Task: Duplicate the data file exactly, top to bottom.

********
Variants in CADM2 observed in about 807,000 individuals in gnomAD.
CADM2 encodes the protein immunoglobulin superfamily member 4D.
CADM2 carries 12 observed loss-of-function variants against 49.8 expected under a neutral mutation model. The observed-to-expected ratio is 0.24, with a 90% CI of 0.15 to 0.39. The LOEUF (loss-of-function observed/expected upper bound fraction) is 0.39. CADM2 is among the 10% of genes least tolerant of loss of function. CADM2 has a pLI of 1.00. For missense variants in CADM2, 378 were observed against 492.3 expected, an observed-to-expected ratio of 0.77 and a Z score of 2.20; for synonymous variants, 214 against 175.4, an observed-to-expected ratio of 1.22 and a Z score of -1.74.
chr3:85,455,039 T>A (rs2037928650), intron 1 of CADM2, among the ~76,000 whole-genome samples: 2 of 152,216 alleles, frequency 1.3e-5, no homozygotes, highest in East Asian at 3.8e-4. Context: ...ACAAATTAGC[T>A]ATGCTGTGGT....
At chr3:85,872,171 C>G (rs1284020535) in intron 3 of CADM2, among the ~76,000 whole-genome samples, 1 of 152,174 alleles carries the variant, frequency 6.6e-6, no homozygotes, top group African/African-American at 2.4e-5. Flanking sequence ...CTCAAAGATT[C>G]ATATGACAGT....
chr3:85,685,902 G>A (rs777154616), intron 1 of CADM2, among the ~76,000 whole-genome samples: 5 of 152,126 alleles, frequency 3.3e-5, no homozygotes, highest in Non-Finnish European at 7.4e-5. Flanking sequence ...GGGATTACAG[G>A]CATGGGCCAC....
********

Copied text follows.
Variants in CADM2 observed in about 807,000 individuals in gnomAD.
CADM2 encodes the protein immunoglobulin superfamily member 4D.
CADM2 carries 12 observed loss-of-function variants against 49.8 expected under a neutral mutation model. The observed-to-expected ratio is 0.24, with a 90% CI of 0.15 to 0.39. The LOEUF (loss-of-function observed/expected upper bound fraction) is 0.39. CADM2 is among the 10% of genes least tolerant of loss of function. CADM2 has a pLI of 1.00. For missense variants in CADM2, 378 were observed against 492.3 expected, an observed-to-expected ratio of 0.77 and a Z score of 2.20; for synonymous variants, 214 against 175.4, an observed-to-expected ratio of 1.22 and a Z score of -1.74.
chr3:85,455,039 T>A (rs2037928650), intron 1 of CADM2, among the ~76,000 whole-genome samples: 2 of 152,216 alleles, frequency 1.3e-5, no homozygotes, highest in East Asian at 3.8e-4. Context: ...ACAAATTAGC[T>A]ATGCTGTGGT....
At chr3:85,872,171 C>G (rs1284020535) in intron 3 of CADM2, among the ~76,000 whole-genome samples, 1 of 152,174 alleles carries the variant, frequency 6.6e-6, no homozygotes, top group African/African-American at 2.4e-5. Flanking sequence ...CTCAAAGATT[C>G]ATATGACAGT....
chr3:85,685,902 G>A (rs777154616), intron 1 of CADM2, among the ~76,000 whole-genome samples: 5 of 152,126 alleles, frequency 3.3e-5, no homozygotes, highest in Non-Finnish European at 7.4e-5. Flanking sequence ...GGGATTACAG[G>A]CATGGGCCAC....